Nanotech Database

Article Title:
Denialism: Drexler vs. Roco

Author:
Berube, D.

Journal Information:
Technology and Society Magazine, IEEE
Vol. 23, Num. 4
2004

Link:
http://ieeexplore.ieee.org/xpl/RecentIssue.jsp?punumber=44

Abstract:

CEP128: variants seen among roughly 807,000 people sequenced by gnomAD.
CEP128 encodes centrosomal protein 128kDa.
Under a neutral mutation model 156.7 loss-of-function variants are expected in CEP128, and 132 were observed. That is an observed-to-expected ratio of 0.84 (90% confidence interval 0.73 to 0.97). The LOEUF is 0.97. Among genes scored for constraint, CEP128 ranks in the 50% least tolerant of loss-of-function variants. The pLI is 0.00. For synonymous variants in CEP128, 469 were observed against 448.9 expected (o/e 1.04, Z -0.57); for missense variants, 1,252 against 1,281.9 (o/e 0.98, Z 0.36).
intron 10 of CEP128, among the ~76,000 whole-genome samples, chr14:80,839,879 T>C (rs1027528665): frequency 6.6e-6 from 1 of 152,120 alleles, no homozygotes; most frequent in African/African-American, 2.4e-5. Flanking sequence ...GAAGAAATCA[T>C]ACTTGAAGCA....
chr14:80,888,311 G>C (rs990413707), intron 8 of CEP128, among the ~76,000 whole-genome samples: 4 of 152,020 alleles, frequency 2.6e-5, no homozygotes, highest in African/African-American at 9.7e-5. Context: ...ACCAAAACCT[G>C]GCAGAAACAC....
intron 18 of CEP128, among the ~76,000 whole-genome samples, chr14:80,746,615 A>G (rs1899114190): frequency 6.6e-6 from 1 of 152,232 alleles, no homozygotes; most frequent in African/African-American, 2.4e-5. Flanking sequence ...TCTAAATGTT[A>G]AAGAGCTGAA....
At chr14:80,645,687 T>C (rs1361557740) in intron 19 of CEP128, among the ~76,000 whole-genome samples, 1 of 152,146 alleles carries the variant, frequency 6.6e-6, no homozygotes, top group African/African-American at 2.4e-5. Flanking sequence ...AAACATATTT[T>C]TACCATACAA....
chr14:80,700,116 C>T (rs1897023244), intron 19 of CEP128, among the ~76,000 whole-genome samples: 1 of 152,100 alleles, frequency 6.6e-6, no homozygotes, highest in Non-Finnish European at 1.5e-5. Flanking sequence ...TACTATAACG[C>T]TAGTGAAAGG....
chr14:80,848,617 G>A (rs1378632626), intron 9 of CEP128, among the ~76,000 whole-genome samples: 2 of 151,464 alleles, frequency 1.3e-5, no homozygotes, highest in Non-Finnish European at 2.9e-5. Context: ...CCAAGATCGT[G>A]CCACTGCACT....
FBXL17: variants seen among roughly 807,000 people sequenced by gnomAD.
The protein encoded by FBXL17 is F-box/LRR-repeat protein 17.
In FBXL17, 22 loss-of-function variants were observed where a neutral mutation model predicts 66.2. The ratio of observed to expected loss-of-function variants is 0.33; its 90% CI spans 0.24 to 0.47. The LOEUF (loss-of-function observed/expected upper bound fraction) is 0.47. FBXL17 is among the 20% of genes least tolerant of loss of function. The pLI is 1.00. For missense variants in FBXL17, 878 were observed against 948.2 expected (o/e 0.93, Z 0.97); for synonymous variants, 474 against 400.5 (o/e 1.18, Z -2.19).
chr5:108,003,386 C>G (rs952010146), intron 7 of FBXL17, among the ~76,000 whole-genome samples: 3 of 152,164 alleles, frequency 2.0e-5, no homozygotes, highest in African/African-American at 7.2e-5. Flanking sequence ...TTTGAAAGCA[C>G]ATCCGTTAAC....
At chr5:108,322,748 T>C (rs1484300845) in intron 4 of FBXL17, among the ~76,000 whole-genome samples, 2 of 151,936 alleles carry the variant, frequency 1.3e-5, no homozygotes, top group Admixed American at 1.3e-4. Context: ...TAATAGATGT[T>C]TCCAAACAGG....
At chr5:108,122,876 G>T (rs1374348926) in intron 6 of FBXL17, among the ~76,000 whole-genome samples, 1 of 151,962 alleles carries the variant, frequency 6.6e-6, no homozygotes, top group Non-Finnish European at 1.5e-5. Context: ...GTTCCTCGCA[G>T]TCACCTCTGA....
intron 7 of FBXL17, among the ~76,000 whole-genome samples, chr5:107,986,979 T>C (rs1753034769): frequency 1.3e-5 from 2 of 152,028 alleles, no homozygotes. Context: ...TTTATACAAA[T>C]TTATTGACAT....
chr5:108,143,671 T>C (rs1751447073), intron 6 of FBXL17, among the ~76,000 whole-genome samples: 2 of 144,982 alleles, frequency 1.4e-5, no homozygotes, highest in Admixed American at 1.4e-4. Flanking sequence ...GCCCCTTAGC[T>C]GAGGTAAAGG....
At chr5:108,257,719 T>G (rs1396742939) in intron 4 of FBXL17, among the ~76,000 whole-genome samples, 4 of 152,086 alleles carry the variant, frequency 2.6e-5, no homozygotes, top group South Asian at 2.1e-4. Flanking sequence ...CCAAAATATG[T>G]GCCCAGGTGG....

The promise of nanotechnology has generated revolutionary visions of the future, and the near-term possibilities have spurred corporate and government investment. However, along the way, the prospect of replication by machine, and the manipulation of atoms by machine, has been abandoned as impractical and scary. The "vision" of Feynman has been denied and in the process, K. Eric Drexler, who supports the drive to nanoreplication, has been declared "persona non grata" by some in the field. Berube and Shipman write: "...Drexler makes at least three major allegations in regards to his role in nanotechnology. First, his vision of nanotechnology was used to get Congress on board to fund the National Nanotechnology Initiative (NNI). However once the funding was garnered, his ideas were largely discarded in favor of more conservative views of the technology and its potential. Second, his views of mechanosynthesis and molecular manufacturing have been rejected and he has been demonized and marginalized by the scientific establishment. Thirdly, the inclusion of a feasibility study on molecular manufacturing in the 21st Century Nanotechnology Research and Development Act was skillfully excised at the last minute by the Nanotechnology Business Alliance, and is likely to marginalize him in the field further." The authors look at these asseverations and "provide some insight into the general tenor of the debate." Business investors didn't want visions and warnings, prophecies or doom; they wanted products. Richard Smalley, another scientist with a great deal of clout in the field, derided Drexler and his ideas and made the debate about what was practical to do -- in chemical engineering at the nanoscale, in molecular manufacturing -- pointedly personal, and even vituperative. Berube and Shipman say, "Watching Drexler speak about denialism, it is difficult not to notice that he is emotionally upset at the tone and direction of the debate over the NNI. He concluded his March speech at South Carolina contending 'if the policy of denialism continues within the field of nanotechnology, the United States would end up being on the wrong side of a technology gulf comparable to hand-crafted spears and mass-produced machine weapons. Terrorism cannot destroy the United States of America or conquer it. Current NNI policy, if continued, has an excellent prospect of doing so.'" The authors politely disagree with Drexler, and conclude "it might behoove the field if the debate became more civil."